How To Make A Face Mask With Food Using 2 Ingredients, According To Dining With Skyler
The face mask game has exploded with possibilities in the last few years. Now, you can buy a face mask infused with real gold, glitter masks, and even plastic-y masks that, TBH, kind of make you look a little like a serial killer. But if you need to give your skin a boost in a pinch and want the clean ingredients and quick assembly of a DIY mask, it’s helpful to have a few staple items on-hand to make your own. Do you want to know how to make a face mask with food using only two ingredients? Skyler Bouchard, the host of Food Network’s Snapchat series Treat Yourself with Skyler, has you covered.
See, by using face mask ingredients that you can also eat, you can cut down on waste and ensure you’re putting safe, natural substances on your body's largest organ, aka your skin. And believe me when I say there's no one better to ask about all things food than Skyler Bouchard, who you might recognize as Dining with Skyler on Instagram.
Bouchard, a super cool food blogger and entrepreneur, has been playing around with skincare and mixing unique foods in the blender since she was 11 years old, and she tells me in an exclusive interview with Elite Daily that experimenting with simple avocado and olive oil masks helped teach her how to bring skincare and the kitchen together.
The key to making a good face mask out of food, Bouchard says, is to use what's best for your individual skin type.
Bouchard says her skin is very dry, so she loves putting coconut oil on it — either plain or mixed with some sugar to create a great exfoliant. One of the perks of this ingredient, she tells Elite Daily, is its versatility for travel. Bouchard jets around the world constantly, tasting spectacular foods in other countries, and she says the plastic jars that coconut oil typically comes in help make it a great travel beauty product. “Instead of packing a bunch of lotions and face masks to go traveling, you can literally pack one jar of coconut oil,” she says.
But if, like me, your face tends to fall on the oilier side, Bouchard says you may not want to add an external oil to your face. Instead, she recommends using Manuka honey, which “has antibacterial properties that open up your pores, which helps clean them out,” she tells Elite Daily.
Plus, if you're worried about breakouts, this powerhouse ingredient may be able to help: "Its anti-inflammatory effects can decrease acne inflammation, and as an antibacterial, it leaves few bacteria to infect pores and cause acne," dermatologist Karen Hammerman, M.D., of Schweiger Dermatology Group, told Women's Health in an interview back in March.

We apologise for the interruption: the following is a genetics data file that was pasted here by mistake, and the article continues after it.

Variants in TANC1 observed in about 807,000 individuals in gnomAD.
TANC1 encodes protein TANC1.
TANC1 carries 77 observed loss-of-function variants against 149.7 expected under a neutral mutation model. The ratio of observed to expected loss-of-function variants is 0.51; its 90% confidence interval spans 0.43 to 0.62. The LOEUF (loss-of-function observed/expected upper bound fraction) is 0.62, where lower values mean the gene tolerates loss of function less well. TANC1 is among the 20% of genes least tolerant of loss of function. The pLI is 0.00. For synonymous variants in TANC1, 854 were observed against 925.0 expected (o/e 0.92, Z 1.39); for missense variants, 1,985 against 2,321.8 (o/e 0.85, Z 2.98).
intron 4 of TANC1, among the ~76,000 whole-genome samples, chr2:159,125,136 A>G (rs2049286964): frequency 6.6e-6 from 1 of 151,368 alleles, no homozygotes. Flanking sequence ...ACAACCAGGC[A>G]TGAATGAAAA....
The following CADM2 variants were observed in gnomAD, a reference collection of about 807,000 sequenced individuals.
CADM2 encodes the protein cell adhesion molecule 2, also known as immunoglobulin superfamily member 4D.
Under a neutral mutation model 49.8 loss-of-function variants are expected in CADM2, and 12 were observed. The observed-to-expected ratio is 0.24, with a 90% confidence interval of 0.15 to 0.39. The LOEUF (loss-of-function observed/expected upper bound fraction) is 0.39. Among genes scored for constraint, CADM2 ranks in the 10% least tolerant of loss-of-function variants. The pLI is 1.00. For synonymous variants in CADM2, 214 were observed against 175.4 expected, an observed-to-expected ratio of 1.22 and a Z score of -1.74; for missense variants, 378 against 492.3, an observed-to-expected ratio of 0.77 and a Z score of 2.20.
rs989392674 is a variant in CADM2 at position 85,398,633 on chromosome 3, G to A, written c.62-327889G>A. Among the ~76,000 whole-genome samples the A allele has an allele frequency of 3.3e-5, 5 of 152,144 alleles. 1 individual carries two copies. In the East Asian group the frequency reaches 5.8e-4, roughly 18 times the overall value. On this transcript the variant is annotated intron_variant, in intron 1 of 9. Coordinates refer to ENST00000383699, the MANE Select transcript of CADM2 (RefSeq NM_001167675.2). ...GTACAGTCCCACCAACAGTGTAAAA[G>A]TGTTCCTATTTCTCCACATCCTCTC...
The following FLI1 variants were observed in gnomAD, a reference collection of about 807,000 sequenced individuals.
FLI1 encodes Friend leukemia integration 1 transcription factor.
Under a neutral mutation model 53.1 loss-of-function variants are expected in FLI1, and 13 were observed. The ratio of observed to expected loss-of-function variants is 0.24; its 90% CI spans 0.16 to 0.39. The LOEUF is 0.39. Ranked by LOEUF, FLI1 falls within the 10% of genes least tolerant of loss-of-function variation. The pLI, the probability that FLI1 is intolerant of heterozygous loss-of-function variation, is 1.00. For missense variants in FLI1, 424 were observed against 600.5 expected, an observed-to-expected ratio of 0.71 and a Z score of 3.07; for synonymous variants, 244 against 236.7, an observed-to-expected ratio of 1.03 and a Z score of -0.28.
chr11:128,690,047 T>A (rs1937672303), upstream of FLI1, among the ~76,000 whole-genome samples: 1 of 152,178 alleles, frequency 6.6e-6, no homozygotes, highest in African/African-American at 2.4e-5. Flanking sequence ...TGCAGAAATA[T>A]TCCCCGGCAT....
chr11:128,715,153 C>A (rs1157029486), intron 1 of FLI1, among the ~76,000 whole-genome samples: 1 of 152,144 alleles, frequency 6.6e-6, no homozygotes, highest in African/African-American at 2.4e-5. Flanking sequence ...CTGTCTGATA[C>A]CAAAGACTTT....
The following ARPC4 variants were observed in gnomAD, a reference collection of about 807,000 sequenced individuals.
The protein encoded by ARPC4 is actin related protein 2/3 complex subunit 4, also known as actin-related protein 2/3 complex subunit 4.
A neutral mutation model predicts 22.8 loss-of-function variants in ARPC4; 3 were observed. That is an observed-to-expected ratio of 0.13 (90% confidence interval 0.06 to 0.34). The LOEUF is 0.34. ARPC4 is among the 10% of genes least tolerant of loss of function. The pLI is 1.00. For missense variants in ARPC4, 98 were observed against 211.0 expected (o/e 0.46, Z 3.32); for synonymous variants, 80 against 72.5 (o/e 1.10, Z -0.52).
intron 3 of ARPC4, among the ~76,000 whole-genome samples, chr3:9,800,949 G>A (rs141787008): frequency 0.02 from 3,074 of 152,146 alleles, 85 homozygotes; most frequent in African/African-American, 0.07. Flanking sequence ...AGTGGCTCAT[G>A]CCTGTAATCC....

And if your skin falls somewhere between oily and dry, there's no need to pick one of these ingredients over the other. Bouchard suggests mixing coconut oil and Manuka honey for an easy, nourishing DIY mask.
But even a food and beauty expert like Bouchard still has some face mask ingredients on her yet-to-try list.
When she traveled to South Africa, for instance, she tells me she learned all about the anti-inflammatory properties of washing your face with water that rooibos tea has been steeped in. The delicious tea has also been scientifically proven to be a significant source of antioxidants, and promote liver health when ingested.
Another country that fascinates the food blogger is Indonesia, where she says she’s captivated by how many women use rice water from rice paddies to wash their faces. She tells Elite Daily there’s a milk property in rice water that apparently really nourishes the skin: “I’m surprised it really hasn’t become a thing in the U.S." she says.
Curious about the skin benefits of even more unusual face masks? Bouchard tells Elite Daily that an upcoming episode of Treat Yourself with Skyler will feature a mask made of caviar and another yet-to-be-revealed ingredient. Does that sound a little too out there? Bouchard admits that it seems a little bizarre, but when you look at the science behind it, it makes sense. “People take fish oil supplements all the time because it’s packed with omega 3s and omega 6 fatty acids,” the food blogger says. “To put that on your face really makes sense because they can apparently help with regenerating collagen, and those fats are really good for the skin.”
Even better, you can spread a little leftover caviar on a piece of toast afterward if you're feeling snacky, Bouchard recommends. In fact, she tells me when it came to her avocado face mask, she “genuinely dipped chips into it." Hey, I'm not judging. If anything, I'm actually really hungry now.